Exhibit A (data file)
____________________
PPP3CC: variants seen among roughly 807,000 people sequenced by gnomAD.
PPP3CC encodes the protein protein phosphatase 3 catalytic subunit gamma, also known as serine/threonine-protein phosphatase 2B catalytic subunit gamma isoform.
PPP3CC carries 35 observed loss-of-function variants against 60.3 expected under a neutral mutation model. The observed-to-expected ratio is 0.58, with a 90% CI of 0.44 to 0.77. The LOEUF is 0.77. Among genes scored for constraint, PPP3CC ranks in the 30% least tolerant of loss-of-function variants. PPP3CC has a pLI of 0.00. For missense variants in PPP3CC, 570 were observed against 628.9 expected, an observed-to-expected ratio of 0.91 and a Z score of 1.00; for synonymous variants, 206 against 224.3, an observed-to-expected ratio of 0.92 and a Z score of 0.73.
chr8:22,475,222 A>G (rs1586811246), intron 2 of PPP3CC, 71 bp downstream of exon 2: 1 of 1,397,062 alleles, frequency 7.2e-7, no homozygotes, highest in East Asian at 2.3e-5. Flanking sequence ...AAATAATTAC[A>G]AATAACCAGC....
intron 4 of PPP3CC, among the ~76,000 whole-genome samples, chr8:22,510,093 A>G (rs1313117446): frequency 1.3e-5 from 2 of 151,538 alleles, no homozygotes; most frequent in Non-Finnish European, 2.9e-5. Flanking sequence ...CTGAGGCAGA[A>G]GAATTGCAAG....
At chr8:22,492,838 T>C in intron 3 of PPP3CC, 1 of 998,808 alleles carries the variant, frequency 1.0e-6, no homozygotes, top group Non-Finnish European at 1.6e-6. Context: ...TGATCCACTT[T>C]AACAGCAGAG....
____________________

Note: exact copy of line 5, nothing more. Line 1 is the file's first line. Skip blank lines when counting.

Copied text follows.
intron 4 of PPP3CC, among the ~76,000 whole-genome samples, chr8:22,510,093 A>G (rs1313117446): frequency 1.3e-5 from 2 of 151,538 alleles, no homozygotes; most frequent in Non-Finnish European, 2.9e-5. Flanking sequence ...CTGAGGCAGA[A>G]GAATTGCAAG....